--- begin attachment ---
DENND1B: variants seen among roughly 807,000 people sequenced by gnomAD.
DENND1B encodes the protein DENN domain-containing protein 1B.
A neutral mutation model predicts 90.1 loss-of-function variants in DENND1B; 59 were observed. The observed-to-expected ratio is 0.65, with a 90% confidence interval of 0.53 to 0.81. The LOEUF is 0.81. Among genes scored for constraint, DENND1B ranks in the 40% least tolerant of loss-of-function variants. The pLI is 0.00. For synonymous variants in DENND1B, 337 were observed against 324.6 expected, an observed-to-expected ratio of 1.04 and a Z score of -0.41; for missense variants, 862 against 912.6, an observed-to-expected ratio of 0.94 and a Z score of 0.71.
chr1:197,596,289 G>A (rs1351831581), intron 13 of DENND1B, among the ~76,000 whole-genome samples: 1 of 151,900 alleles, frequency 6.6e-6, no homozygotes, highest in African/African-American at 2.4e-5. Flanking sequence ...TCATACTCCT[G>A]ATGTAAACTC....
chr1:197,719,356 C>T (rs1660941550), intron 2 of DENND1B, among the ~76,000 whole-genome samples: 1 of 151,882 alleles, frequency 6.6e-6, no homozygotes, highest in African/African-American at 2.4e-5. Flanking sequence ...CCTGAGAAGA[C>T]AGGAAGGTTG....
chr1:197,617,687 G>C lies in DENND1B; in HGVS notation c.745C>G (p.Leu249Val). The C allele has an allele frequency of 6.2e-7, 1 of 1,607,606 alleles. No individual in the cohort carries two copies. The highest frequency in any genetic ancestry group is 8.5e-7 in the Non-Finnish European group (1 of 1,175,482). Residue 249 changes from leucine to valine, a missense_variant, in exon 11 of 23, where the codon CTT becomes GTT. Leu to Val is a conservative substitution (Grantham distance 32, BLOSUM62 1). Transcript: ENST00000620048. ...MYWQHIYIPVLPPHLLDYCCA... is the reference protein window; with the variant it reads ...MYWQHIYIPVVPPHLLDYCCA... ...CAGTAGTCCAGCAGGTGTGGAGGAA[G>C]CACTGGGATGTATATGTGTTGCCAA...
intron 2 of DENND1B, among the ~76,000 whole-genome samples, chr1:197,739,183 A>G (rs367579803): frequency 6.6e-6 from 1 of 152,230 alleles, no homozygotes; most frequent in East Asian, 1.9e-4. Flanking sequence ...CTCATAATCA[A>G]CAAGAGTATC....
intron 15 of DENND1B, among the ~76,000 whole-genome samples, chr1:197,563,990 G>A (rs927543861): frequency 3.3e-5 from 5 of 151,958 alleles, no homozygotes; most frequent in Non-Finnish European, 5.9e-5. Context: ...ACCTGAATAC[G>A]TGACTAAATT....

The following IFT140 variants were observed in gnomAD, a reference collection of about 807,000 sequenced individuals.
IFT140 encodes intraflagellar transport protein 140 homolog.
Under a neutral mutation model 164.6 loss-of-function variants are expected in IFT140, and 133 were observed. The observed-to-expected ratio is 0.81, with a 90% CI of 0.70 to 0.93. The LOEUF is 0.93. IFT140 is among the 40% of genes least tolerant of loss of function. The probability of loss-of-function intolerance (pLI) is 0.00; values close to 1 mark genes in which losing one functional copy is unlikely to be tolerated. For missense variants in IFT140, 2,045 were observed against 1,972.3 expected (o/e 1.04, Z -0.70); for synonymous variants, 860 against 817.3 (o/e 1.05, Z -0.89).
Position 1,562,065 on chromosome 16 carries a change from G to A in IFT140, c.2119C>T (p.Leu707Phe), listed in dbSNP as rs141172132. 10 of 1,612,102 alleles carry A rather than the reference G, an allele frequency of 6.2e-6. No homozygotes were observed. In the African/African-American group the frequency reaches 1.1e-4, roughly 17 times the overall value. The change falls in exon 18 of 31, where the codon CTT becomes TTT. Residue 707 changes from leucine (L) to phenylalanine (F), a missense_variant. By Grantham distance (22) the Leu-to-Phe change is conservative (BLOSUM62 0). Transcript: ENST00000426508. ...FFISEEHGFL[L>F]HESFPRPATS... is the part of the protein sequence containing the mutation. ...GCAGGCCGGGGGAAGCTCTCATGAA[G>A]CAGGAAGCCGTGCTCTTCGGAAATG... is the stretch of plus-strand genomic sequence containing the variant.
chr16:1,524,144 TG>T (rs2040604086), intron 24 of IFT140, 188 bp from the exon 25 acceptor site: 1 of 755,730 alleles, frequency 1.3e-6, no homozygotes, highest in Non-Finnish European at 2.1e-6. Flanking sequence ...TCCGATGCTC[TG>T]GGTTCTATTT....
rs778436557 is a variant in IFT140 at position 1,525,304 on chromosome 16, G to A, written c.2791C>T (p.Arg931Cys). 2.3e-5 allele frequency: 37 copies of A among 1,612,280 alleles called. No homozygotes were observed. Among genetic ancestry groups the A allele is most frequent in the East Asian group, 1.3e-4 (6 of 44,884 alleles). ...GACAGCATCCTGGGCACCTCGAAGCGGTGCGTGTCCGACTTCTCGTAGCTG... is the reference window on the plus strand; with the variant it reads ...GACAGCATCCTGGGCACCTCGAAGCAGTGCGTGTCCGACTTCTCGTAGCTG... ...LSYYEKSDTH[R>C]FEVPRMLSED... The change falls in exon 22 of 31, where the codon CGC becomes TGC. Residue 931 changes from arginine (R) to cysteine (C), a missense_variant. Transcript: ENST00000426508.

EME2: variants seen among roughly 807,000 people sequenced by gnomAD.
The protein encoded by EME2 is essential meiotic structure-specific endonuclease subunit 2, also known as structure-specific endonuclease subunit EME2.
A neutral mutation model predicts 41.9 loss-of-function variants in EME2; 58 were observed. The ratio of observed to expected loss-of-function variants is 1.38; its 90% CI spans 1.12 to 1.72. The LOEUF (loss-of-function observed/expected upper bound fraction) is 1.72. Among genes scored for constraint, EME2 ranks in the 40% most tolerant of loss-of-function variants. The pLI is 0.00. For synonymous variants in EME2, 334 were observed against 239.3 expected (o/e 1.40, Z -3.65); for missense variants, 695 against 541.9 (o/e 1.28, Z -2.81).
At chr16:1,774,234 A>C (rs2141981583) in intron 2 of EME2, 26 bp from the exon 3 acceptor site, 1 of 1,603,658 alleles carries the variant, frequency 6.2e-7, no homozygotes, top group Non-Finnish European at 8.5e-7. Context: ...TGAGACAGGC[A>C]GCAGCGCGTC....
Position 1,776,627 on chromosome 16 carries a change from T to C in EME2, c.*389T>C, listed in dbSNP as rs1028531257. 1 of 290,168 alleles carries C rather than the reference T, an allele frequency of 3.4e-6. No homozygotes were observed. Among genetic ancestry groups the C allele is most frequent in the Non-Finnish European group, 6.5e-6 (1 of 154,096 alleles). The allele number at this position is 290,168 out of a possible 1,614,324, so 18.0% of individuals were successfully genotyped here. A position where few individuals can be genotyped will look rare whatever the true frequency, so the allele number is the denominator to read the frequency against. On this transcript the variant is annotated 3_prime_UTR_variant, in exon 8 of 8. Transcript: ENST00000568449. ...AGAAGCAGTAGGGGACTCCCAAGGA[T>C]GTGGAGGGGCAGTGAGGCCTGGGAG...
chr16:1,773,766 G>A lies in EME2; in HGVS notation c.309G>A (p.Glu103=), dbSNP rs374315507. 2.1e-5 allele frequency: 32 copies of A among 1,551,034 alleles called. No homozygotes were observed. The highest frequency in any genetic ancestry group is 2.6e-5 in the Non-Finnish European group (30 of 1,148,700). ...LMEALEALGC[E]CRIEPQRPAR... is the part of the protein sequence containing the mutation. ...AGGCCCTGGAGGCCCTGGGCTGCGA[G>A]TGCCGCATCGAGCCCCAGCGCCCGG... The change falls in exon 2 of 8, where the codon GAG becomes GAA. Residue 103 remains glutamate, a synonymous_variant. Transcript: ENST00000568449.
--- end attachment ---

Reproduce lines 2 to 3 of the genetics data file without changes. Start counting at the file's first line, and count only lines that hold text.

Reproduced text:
DENND1B encodes the protein DENN domain-containing protein 1B.
A neutral mutation model predicts 90.1 loss-of-function variants in DENND1B; 59 were observed. The observed-to-expected ratio is 0.65, with a 90% confidence interval of 0.53 to 0.81. The LOEUF is 0.81. Among genes scored for constraint, DENND1B ranks in the 40% least tolerant of loss-of-function variants. The pLI is 0.00. For synonymous variants in DENND1B, 337 were observed against 324.6 expected, an observed-to-expected ratio of 1.04 and a Z score of -0.41; for missense variants, 862 against 912.6, an observed-to-expected ratio of 0.94 and a Z score of 0.71.